Normally a feckless, easily indulged whisky trip invitee, the Virgin undergoes a pseudo-epiphany in the intermittently caring hands of one Stephen Marshall of Last Great Malts fame. Will our poor sap ever be the same again?
I’m not a big fan of the ‘treat ‘em mean, keep ‘em keen’ philosophy on life. Besides, it doesn’t usually work, at least not on me. If you’re mean, then I will just leave you, though not before applying a slap to both of your deserving cheeks.
No, I prefer the much less well-known ‘treat ‘em good, keep ‘em soft’ philosophy. It suits my parasitical nature, only with a difference: I feed off your kindness, and in return I am your gushing servant, helplessly helpful, your ardent champion. I am a very rewarding virus.
In this respect, I make a perfect whisky trip invitee. I expect and am wonderfully suited to the car that picks me up at my front door and deposits me at airport departures, where I am met, fed and glided onto the plane, my passport now safely in the hands of my weekend or week-long host, my head as empty as the notebook I appear to have lost somewhere between last night and now.
Treat me good – swanky hotels, a clutch of fancy restaurants, a field-to-glass tour, a large distillery bar tab, a fine cigar, the chance to live eternally in the present, lightly drunk – and I’m yours, utterly.
I can’t read my own watch. I forget my pin numbers. I lose the ability to toilet on my own. Slack-jawed, goodie bag in tow, wearing little more than a nappy, I go home a giant baby. You, I shout (write), are bloody marvellous.
Occasionally, however, as when I recently went on a so-called Last Great Malts sortie, I discover new things about myself. No car, not a passport holder in sight, I flew to Aberdeen, where we – my group and I – met in the airport pub.
Our host was a bearded man called Stephen Marshall. Stephen was wearing an old t-shirt. He hardly noticed me. I paid for my own coffee, and those of two of my fellow writers. I began to feel around for my notebook.
The first time I heard Marshall speak, it was sitting around the table at the Macduff distillery, to which we had gone straight, bypassing several very attractive-looking hotels.
‘The Last Great Malts. It’s my fucking idea,’ were his first eight words. I sat up straight. I didn’t know what he was talking about, but I loved it, whatever it was. I felt a strange keening of my mental faculties.
Which is not to say I’d just experienced an epiphany: of course I did not. I am an old virgin, possessed of long teeth. I stayed in two swanky hotels. I drank whisky around a pond, and overlooking the sea, and next to a waterfall.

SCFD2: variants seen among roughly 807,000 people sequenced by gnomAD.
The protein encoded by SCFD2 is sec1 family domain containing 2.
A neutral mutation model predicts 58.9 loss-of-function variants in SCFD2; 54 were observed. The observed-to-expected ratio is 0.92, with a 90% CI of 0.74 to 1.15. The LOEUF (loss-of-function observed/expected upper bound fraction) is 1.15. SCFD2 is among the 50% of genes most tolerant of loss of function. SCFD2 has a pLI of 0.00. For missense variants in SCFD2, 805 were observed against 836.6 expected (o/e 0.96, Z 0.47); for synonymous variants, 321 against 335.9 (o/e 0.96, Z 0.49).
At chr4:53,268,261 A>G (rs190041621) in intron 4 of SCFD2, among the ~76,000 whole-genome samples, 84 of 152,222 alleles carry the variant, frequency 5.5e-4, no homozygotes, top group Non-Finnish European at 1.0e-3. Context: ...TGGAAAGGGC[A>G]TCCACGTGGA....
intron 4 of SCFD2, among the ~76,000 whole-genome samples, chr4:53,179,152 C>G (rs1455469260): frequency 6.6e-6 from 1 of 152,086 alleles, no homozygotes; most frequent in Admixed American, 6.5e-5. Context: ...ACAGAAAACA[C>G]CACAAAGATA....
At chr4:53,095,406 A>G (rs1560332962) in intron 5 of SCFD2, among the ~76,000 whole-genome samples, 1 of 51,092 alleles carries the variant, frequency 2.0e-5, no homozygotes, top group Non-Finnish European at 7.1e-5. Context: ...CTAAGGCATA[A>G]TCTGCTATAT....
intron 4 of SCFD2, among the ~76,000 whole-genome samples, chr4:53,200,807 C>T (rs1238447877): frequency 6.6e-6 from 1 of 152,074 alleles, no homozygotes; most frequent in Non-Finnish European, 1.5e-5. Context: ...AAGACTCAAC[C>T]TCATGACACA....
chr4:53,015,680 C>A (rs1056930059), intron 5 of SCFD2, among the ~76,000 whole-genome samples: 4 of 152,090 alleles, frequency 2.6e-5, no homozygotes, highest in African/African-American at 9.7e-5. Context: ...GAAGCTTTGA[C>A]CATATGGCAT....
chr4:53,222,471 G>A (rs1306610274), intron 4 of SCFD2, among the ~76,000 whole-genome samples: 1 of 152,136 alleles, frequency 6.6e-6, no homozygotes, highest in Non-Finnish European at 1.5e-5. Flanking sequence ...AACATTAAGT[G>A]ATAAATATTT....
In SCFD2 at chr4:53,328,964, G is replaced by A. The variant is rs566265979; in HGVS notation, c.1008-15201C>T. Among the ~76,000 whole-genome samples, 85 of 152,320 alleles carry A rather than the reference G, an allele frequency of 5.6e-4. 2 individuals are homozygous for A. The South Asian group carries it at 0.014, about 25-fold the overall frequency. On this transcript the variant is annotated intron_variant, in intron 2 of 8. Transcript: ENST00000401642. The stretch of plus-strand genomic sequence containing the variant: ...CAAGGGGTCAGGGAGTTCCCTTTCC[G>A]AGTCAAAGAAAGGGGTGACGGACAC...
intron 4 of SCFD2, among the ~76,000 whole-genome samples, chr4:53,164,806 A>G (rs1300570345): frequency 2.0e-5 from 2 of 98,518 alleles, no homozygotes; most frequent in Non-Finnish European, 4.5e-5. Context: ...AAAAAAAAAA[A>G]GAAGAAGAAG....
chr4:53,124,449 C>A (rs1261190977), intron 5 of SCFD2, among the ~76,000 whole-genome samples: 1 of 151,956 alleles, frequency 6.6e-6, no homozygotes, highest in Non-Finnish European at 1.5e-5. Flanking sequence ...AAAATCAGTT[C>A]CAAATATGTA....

I ate very well. I helped run up a monster bar tab at the Craigellachie Hotel. I clapped the promotional video at Dewar’s. I got lost between my room and the hotel bar.
I came home a giant baby, 25-year-old bottle of single cask Aberfeldy in one hand, the other swinging uselessly by my side. I hadn’t lost my touch. Not at all: I was in extremely fine fettle.
However, an unlikely confession: despite my untouched self, I was smitten by Marshall’s careless caring.
I stopped sulking about coffee, carried my own bag, looked after my passport and began taking note of what he had to say about European oak, worm tub condensers, 1960s distilleries, old-style single malts and other whisky whatnot. He had a view and it had nothing to do with keeping me happy.
Quite the opposite, in fact: he was gnomic in the extreme. He was there and he wasn’t.
He was on the bus, leading us through distilleries and their stories, sharing sips of very old whiskies from Highland Park and Bowmore, and then he was gone, chatting stuff about lobster boats, whisky strengths, or aboard a fast car to Edinburgh, or playing disco records in a place called the Moon Hop.
He was a latter-day, short-bearded Gandalf and I was the little big-footed chap, less the courage, the capacity for adventure. He went and I followed, manically filling my notebook with all kinds of stuff.
Thus is it, my dear and very surprised reader, I could (if I so wanted) tell you everything you need to know about The Last Great Malts project, and why I am humming Only You by a disco record-making gentleman called Steve Minot, and why I happen to know the name of the whisky I am right now supping.
It’s a Craigellachie 13, and I am dancing as I say this, and Stephen still isn’t paying me a blind bit of notice.
We apologise to Stephen and to loyal readers for the Virgin’s loss of control. Normal service will be resumed following a short and hardly-earned break to the Maldives, where he will be staying on a swanky island (Ed).